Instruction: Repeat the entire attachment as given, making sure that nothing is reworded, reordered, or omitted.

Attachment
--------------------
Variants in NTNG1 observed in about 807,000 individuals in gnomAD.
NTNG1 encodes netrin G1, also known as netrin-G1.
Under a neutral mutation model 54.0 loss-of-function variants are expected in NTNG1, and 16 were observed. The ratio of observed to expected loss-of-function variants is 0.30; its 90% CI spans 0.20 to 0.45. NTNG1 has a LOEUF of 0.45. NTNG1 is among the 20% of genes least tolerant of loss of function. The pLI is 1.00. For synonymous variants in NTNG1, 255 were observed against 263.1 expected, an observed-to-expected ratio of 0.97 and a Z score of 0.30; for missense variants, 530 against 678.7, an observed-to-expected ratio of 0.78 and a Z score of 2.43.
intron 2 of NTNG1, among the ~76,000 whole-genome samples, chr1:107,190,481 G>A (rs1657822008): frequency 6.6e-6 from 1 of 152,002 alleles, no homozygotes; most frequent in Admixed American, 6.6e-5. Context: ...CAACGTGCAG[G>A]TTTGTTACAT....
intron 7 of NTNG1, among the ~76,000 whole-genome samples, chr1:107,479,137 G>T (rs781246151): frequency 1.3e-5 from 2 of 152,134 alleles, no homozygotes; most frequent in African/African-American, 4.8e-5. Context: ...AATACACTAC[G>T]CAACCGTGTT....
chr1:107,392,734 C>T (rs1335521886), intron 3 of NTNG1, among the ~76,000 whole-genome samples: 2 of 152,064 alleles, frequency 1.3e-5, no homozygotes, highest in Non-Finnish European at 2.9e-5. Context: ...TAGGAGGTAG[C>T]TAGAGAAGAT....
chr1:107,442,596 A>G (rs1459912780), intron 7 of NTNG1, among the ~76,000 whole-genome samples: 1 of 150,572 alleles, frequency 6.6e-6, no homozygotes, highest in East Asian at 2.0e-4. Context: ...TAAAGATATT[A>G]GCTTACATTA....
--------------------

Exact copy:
Variants in NTNG1 observed in about 807,000 individuals in gnomAD.
NTNG1 encodes netrin G1, also known as netrin-G1.
Under a neutral mutation model 54.0 loss-of-function variants are expected in NTNG1, and 16 were observed. The ratio of observed to expected loss-of-function variants is 0.30; its 90% CI spans 0.20 to 0.45. NTNG1 has a LOEUF of 0.45. NTNG1 is among the 20% of genes least tolerant of loss of function. The pLI is 1.00. For synonymous variants in NTNG1, 255 were observed against 263.1 expected, an observed-to-expected ratio of 0.97 and a Z score of 0.30; for missense variants, 530 against 678.7, an observed-to-expected ratio of 0.78 and a Z score of 2.43.
intron 2 of NTNG1, among the ~76,000 whole-genome samples, chr1:107,190,481 G>A (rs1657822008): frequency 6.6e-6 from 1 of 152,002 alleles, no homozygotes; most frequent in Admixed American, 6.6e-5. Context: ...CAACGTGCAG[G>A]TTTGTTACAT....
intron 7 of NTNG1, among the ~76,000 whole-genome samples, chr1:107,479,137 G>T (rs781246151): frequency 1.3e-5 from 2 of 152,134 alleles, no homozygotes; most frequent in African/African-American, 4.8e-5. Context: ...AATACACTAC[G>T]CAACCGTGTT....
chr1:107,392,734 C>T (rs1335521886), intron 3 of NTNG1, among the ~76,000 whole-genome samples: 2 of 152,064 alleles, frequency 1.3e-5, no homozygotes, highest in Non-Finnish European at 2.9e-5. Context: ...TAGGAGGTAG[C>T]TAGAGAAGAT....
chr1:107,442,596 A>G (rs1459912780), intron 7 of NTNG1, among the ~76,000 whole-genome samples: 1 of 150,572 alleles, frequency 6.6e-6, no homozygotes, highest in East Asian at 2.0e-4. Context: ...TAAAGATATT[A>G]GCTTACATTA....